Lessons from a TedX Speaker

Everyone was encouraging, but the unspoken mantra was 'Be Great or Go Home.'



It’s been just over a week since I spoke at the TedX Conference at the University of Michigan–Dearborn. Today, my knees are still a little wobbly but I’m still standing.

For those of you that have spoken or attended a Ted Talk, you know that there is high energy and high expectations from both the audience and the fellow speakers. I have never before — nor may ever again — felt such pressure to perform. Everyone was always encouraging, but the unspoken mantra was “Be Great or Go Home.” I’m still not quite sure how I fared, maybe somewhere between “Crash-and-Burn” and Simon Cowell putting me through to the next round.

I have to admit, I had little idea of what I was getting into when my application was selected by in July. Once selected, we went through numerous coaching sessions, presentations revisions and dry runs. With each passing day, I dreaded the coming of October and the day of the big event.

When the day finally came, I was numb. No longer fearful or nervous, I just tried to remain composed while the frenetic energy of the organizers and volunteers whipped around me.

I gave my presentation on "The Power of Storytelling." I took some risks by actually writing a story for the event about a nervous, TedX speaker who was trying to convince his audience that there was real power in stories. I set my presentation up like I was reading a bedtime story to the audience, holding a giant “TedX” picture book while giant images flashed up on the screen behind me.

All in all, I think it went OK. I just felt like I was recovering from the flu afterwards. I do have to say that the team at U-MD was awesome. It was mostly students who organized the event and their passion, excitement and dedication made me proud to be a participant.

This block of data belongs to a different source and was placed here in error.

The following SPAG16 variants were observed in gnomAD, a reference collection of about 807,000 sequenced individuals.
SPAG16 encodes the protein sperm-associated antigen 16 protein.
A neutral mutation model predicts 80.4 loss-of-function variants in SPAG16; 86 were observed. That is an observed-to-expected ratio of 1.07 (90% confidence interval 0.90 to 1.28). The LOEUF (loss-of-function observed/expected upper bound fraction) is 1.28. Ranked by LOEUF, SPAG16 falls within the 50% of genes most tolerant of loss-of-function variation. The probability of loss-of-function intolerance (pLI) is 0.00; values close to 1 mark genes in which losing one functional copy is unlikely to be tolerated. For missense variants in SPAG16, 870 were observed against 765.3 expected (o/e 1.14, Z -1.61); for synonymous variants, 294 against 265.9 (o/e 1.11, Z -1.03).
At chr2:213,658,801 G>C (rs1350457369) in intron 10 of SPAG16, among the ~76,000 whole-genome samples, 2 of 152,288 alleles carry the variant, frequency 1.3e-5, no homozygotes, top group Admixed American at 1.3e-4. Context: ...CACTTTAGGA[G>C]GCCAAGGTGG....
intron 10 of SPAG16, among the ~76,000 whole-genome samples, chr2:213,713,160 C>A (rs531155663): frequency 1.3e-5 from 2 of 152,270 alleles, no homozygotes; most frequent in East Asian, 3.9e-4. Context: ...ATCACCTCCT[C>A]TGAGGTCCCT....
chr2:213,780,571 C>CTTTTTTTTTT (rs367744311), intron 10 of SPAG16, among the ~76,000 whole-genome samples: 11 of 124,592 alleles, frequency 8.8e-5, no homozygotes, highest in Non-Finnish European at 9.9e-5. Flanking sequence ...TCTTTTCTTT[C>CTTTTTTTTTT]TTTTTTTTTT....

With that being said, I did learn some things from this speaking engagement; wish may be of help to someone who has to give a presentation:

  • There’s no substitute for preparation. Practice doesn’t make perfect but it does make better.
  • Always solicit input and feedback but remember that you own your presentation. You should clearly state your vision and approach to those who offer their feedback. Then, ask them to help you reach that vision with their critique.
  • When presenting, talk about three-times slower than you would in normal speech. If you sound drudgingly slow to your own ear, you’re probably just right.
  • Don’t get distracted. Focus on your task at hand and deliver like you rehearsed it.

Finally, remember that everyone around you wants you to do well. Most audiences are willing participants in your success. They will forgive you for any slip-ups and applaud you for your courage and willingness to share your message. After all, it may be their turn next.

 

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